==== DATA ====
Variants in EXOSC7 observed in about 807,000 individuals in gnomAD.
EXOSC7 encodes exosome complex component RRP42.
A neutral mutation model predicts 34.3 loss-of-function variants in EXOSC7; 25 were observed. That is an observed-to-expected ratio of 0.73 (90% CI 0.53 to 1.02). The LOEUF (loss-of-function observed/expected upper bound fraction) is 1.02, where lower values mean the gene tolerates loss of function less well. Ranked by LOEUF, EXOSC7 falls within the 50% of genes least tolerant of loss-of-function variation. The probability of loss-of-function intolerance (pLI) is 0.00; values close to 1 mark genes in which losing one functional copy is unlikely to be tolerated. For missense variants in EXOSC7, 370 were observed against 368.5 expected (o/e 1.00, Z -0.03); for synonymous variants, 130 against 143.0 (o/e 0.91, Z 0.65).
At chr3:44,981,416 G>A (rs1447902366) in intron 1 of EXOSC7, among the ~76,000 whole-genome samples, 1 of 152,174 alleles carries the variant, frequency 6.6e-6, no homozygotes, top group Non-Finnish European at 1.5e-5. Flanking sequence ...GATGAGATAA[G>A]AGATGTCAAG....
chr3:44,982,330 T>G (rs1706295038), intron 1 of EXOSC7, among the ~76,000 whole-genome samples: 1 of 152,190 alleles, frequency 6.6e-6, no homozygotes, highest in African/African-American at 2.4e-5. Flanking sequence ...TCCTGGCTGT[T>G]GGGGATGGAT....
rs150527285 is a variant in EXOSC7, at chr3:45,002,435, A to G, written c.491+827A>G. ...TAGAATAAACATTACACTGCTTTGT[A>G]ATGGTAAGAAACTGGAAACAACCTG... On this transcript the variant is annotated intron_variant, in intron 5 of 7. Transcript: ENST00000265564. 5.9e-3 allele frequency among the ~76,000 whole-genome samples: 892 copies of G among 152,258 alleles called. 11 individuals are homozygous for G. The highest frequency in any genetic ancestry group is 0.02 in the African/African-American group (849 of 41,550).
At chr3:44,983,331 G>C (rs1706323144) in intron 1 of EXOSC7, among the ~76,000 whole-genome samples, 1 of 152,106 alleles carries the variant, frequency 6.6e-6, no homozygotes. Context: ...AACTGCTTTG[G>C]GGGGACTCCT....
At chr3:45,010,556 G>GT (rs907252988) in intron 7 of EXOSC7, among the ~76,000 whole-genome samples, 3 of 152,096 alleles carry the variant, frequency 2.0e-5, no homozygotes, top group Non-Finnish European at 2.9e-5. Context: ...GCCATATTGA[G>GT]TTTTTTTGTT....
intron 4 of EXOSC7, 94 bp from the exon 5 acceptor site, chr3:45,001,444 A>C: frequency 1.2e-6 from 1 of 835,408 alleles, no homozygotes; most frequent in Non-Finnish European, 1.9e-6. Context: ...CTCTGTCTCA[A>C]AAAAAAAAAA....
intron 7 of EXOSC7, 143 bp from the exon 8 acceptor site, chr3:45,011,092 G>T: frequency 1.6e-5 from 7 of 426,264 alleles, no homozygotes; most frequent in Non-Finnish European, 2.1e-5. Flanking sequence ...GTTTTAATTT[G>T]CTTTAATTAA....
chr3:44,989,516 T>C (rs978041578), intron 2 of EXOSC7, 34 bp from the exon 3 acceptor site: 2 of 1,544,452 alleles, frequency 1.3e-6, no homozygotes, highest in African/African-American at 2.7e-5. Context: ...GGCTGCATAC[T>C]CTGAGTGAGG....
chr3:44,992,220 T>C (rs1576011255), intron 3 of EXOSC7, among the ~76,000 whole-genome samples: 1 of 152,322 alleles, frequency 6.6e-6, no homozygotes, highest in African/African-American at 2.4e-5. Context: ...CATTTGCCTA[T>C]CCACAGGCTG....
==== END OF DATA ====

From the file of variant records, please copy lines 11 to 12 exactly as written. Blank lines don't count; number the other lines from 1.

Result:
chr3:44,989,516 T>C (rs978041578), intron 2 of EXOSC7, 34 bp from the exon 3 acceptor site: 2 of 1,544,452 alleles, frequency 1.3e-6, no homozygotes, highest in African/African-American at 2.7e-5. Context: ...GGCTGCATAC[T>C]CTGAGTGAGG....
chr3:44,992,220 T>C (rs1576011255), intron 3 of EXOSC7, among the ~76,000 whole-genome samples: 1 of 152,322 alleles, frequency 6.6e-6, no homozygotes, highest in African/African-American at 2.4e-5. Context: ...CATTTGCCTA[T>C]CCACAGGCTG....